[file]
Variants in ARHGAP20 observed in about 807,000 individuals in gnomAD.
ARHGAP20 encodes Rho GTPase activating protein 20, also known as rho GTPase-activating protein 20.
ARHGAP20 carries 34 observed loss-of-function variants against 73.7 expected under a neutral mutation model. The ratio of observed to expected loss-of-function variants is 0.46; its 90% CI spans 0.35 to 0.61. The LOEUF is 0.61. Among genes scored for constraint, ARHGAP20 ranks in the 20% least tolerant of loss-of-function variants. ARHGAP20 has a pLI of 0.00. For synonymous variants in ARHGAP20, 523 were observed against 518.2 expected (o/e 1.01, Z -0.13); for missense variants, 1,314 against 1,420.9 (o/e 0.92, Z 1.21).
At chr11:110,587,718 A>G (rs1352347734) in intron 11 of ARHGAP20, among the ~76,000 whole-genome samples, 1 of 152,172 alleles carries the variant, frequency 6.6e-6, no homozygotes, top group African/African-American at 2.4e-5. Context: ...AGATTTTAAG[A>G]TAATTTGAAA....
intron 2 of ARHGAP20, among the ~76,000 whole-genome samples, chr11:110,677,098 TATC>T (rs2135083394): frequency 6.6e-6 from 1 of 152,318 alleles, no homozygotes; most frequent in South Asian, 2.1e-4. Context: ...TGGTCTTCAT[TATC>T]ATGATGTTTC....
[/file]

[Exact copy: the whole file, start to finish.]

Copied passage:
Variants in ARHGAP20 observed in about 807,000 individuals in gnomAD.
ARHGAP20 encodes Rho GTPase activating protein 20, also known as rho GTPase-activating protein 20.
ARHGAP20 carries 34 observed loss-of-function variants against 73.7 expected under a neutral mutation model. The ratio of observed to expected loss-of-function variants is 0.46; its 90% CI spans 0.35 to 0.61. The LOEUF is 0.61. Among genes scored for constraint, ARHGAP20 ranks in the 20% least tolerant of loss-of-function variants. ARHGAP20 has a pLI of 0.00. For synonymous variants in ARHGAP20, 523 were observed against 518.2 expected (o/e 1.01, Z -0.13); for missense variants, 1,314 against 1,420.9 (o/e 0.92, Z 1.21).
At chr11:110,587,718 A>G (rs1352347734) in intron 11 of ARHGAP20, among the ~76,000 whole-genome samples, 1 of 152,172 alleles carries the variant, frequency 6.6e-6, no homozygotes, top group African/African-American at 2.4e-5. Context: ...AGATTTTAAG[A>G]TAATTTGAAA....
intron 2 of ARHGAP20, among the ~76,000 whole-genome samples, chr11:110,677,098 TATC>T (rs2135083394): frequency 6.6e-6 from 1 of 152,318 alleles, no homozygotes; most frequent in South Asian, 2.1e-4. Context: ...TGGTCTTCAT[TATC>T]ATGATGTTTC....